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Selenium lowers risk for skin and bladder cancers, and slows HIV

Selenium reduced the chances of skin and bladder cancers, and slowed HIV, three new studies reveal.

Doctors in a skin cancer study thought antioxidants could protect the skin. Researchers measured blood levels of antioxidants, including selenium, in about 500 adults from Australia, where skin cancer rates are the highest in the world, and followed up for eight years. Compared to those with the lowest selenium levels, those with the highest selenium levels were 57 percent less likely to have basal cell carcinoma and 64 percent less likely to have squamous cell carcinoma, the two most common types of skin cancer.

In a bladder cancer study, researchers compared toenail selenium levels of about 770 people recently diagnosed with bladder cancer to 1,100 people from the general population. There was no overall difference between the two groups. But within three sub-groups—women, moderate smokers and those with a faulty cancer-suppressing gene (p53)—those with higher selenium levels were much less likely to have bladder cancer than were those with lower selenium levels. Doctors believe that the faulty p53 gene is a major pathway for bladder cancer and said, “If it is true that selenium can prevent a certain subset of individuals from developing bladder cancer or prevent certain types of tumors from developing, it gives us clues about how the tumors could be prevented...and could potentially lead to chemo-preventive efforts.”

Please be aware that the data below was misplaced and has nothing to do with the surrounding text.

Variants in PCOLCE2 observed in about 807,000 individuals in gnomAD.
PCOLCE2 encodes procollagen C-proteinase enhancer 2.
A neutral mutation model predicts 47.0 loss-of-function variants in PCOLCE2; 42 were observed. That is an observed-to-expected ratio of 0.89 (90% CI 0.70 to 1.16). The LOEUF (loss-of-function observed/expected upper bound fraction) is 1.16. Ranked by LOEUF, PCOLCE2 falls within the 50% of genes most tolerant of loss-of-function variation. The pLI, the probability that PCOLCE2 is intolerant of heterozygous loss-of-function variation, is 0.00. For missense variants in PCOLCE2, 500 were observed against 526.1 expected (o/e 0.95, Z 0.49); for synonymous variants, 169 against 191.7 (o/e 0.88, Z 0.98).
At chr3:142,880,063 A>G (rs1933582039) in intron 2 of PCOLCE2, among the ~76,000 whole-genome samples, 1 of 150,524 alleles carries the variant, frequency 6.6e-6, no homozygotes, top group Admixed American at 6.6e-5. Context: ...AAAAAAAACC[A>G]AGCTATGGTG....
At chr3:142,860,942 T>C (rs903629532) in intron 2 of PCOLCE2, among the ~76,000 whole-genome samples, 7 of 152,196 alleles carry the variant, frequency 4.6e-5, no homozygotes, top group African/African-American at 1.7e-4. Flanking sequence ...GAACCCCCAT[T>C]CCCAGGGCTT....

In a human immunodeficiency virus (HIV) lab study, researchers explained that selenium forms an amino acid protein (selenoprotein) that reduces cellular stress from infection and thought it might slow the spread of HIV. Doctors believe that HIV depletes selenoproteins, allowing the virus to divide and spread rapidly in its early stages. Scientists infected normal human blood cell cultures with a strain of HIV-1, and then introduced a small amount of sodium selenite—the form selenium takes in the body—into the infected cells. HIV in cells treated with selenium grew 10 times more slowly than HIV in untreated cells.

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